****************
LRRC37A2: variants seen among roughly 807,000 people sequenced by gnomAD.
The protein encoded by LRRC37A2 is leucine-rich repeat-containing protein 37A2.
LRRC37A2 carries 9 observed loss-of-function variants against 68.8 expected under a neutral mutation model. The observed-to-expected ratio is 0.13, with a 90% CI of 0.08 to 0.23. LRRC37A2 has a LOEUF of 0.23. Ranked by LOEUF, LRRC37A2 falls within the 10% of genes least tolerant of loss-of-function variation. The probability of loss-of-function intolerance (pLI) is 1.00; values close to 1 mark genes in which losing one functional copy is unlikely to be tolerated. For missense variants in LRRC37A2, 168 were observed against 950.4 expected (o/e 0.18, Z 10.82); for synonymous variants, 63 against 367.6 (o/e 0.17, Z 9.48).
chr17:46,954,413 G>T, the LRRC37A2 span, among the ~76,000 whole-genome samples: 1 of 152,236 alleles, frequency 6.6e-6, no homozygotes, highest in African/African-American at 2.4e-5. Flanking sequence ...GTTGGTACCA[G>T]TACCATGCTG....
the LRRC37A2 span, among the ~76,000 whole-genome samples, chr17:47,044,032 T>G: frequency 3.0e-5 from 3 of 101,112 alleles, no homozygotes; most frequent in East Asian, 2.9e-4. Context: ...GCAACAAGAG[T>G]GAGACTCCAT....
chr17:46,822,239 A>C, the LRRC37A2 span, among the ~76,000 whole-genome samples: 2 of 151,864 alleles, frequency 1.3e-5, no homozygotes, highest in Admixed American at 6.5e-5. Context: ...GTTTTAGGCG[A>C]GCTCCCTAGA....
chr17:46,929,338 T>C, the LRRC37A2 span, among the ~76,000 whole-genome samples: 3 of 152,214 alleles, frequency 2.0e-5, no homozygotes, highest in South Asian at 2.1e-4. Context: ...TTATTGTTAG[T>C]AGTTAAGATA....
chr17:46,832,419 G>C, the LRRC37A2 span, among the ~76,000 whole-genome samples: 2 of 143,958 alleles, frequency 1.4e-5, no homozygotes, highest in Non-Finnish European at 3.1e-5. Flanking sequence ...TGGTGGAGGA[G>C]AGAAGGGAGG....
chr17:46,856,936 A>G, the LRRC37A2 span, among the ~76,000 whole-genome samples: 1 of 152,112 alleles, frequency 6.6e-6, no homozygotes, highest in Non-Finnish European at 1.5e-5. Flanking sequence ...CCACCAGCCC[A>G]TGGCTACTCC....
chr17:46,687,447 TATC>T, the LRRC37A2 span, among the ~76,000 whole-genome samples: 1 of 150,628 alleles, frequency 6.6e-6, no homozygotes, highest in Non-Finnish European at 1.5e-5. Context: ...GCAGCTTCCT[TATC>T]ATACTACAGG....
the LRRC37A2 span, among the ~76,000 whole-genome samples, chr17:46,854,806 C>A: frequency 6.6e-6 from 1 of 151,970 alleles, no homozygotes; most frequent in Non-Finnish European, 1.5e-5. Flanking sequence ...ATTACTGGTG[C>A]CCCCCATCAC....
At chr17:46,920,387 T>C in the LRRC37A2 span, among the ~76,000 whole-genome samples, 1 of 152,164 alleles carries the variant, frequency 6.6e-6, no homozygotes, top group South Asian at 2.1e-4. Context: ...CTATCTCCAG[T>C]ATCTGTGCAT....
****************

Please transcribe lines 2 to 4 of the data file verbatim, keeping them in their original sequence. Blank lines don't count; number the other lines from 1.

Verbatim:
The protein encoded by LRRC37A2 is leucine-rich repeat-containing protein 37A2.
LRRC37A2 carries 9 observed loss-of-function variants against 68.8 expected under a neutral mutation model. The observed-to-expected ratio is 0.13, with a 90% CI of 0.08 to 0.23. LRRC37A2 has a LOEUF of 0.23. Ranked by LOEUF, LRRC37A2 falls within the 10% of genes least tolerant of loss-of-function variation. The probability of loss-of-function intolerance (pLI) is 1.00; values close to 1 mark genes in which losing one functional copy is unlikely to be tolerated. For missense variants in LRRC37A2, 168 were observed against 950.4 expected (o/e 0.18, Z 10.82); for synonymous variants, 63 against 367.6 (o/e 0.17, Z 9.48).
chr17:46,954,413 G>T, the LRRC37A2 span, among the ~76,000 whole-genome samples: 1 of 152,236 alleles, frequency 6.6e-6, no homozygotes, highest in African/African-American at 2.4e-5. Flanking sequence ...GTTGGTACCA[G>T]TACCATGCTG....